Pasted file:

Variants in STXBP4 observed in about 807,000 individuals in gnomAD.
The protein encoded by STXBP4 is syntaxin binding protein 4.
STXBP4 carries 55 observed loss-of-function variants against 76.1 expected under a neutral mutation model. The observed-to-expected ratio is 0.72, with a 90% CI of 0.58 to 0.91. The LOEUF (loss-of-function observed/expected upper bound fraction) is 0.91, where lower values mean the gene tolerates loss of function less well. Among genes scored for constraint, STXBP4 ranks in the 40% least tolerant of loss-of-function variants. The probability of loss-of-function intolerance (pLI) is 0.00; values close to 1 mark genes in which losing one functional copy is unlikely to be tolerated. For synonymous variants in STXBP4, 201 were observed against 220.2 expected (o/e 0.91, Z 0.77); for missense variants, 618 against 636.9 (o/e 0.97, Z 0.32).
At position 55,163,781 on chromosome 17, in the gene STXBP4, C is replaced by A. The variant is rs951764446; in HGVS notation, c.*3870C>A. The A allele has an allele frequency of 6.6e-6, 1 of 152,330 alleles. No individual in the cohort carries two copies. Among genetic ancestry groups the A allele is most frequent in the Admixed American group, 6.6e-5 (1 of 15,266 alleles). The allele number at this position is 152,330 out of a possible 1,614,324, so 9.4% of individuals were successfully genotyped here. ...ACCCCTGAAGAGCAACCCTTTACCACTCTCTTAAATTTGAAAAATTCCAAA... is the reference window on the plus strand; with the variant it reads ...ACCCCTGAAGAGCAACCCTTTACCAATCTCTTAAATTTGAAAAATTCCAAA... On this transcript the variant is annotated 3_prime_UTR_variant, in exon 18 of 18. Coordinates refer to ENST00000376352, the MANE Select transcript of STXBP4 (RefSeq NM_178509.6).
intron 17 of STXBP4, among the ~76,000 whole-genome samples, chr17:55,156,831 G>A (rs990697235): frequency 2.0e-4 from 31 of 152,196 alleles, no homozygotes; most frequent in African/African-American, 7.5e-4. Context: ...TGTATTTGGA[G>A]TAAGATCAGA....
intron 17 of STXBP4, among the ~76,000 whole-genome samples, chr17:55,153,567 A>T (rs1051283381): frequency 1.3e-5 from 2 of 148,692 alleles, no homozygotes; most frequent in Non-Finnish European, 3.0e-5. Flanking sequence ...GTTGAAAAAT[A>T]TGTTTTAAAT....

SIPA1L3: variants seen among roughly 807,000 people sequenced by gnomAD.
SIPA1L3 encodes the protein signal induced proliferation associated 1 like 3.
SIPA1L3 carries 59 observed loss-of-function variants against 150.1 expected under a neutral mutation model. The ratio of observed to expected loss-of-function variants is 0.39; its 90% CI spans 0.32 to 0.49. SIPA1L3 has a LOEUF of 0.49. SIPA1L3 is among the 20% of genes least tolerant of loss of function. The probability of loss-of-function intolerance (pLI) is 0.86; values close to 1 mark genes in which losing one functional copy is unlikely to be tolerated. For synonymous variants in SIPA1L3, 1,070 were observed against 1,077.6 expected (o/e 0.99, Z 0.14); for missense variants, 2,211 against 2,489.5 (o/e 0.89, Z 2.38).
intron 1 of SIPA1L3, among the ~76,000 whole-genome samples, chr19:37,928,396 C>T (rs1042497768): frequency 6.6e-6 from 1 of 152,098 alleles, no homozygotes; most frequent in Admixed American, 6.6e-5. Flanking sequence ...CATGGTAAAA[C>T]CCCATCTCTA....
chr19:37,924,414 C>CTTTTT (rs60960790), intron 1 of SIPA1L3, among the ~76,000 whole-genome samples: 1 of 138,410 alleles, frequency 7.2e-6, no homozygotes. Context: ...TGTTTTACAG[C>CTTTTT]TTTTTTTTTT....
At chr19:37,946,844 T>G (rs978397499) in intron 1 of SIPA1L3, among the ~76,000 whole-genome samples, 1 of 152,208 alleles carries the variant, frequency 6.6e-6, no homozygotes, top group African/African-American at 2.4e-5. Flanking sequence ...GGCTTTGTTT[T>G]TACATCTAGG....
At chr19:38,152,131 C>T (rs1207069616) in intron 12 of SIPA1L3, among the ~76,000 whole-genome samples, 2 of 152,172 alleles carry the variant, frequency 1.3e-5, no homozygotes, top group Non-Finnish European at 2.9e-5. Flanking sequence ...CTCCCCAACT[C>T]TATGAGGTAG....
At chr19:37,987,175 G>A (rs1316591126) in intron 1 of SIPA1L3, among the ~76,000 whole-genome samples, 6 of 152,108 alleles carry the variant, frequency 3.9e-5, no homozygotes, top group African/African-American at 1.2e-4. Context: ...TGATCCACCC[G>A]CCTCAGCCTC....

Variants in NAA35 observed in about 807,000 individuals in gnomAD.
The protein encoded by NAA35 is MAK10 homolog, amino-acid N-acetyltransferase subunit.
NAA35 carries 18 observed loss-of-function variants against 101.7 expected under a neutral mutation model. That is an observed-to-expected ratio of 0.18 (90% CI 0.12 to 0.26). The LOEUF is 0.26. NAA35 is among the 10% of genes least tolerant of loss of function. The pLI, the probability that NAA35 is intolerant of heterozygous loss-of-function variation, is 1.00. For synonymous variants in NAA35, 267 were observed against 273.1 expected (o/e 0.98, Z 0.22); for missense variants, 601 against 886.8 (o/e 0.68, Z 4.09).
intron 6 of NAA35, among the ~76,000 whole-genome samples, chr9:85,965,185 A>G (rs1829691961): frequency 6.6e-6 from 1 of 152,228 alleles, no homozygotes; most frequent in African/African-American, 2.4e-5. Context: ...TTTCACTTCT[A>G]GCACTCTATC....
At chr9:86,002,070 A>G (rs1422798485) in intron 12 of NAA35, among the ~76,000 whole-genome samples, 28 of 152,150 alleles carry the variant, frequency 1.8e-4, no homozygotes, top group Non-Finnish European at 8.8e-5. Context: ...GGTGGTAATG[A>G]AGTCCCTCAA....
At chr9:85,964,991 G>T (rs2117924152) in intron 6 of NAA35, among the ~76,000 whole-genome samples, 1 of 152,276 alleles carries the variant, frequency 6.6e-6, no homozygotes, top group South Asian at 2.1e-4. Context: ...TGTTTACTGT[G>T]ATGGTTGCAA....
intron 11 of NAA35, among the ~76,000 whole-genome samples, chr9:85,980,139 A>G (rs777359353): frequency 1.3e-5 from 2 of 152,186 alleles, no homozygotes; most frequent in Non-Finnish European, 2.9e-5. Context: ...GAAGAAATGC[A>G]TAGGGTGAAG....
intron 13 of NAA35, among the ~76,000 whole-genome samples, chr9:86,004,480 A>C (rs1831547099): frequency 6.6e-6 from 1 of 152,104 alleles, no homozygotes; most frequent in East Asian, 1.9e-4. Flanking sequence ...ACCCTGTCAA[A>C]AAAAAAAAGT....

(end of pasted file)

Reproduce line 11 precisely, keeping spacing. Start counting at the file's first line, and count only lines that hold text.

chr19:37,924,414 C>CTTTTT (rs60960790), intron 1 of SIPA1L3, among the ~76,000 whole-genome samples: 1 of 138,410 alleles, frequency 7.2e-6, no homozygotes. Context: ...TGTTTTACAG[C>CTTTTT]TTTTTTTTTT....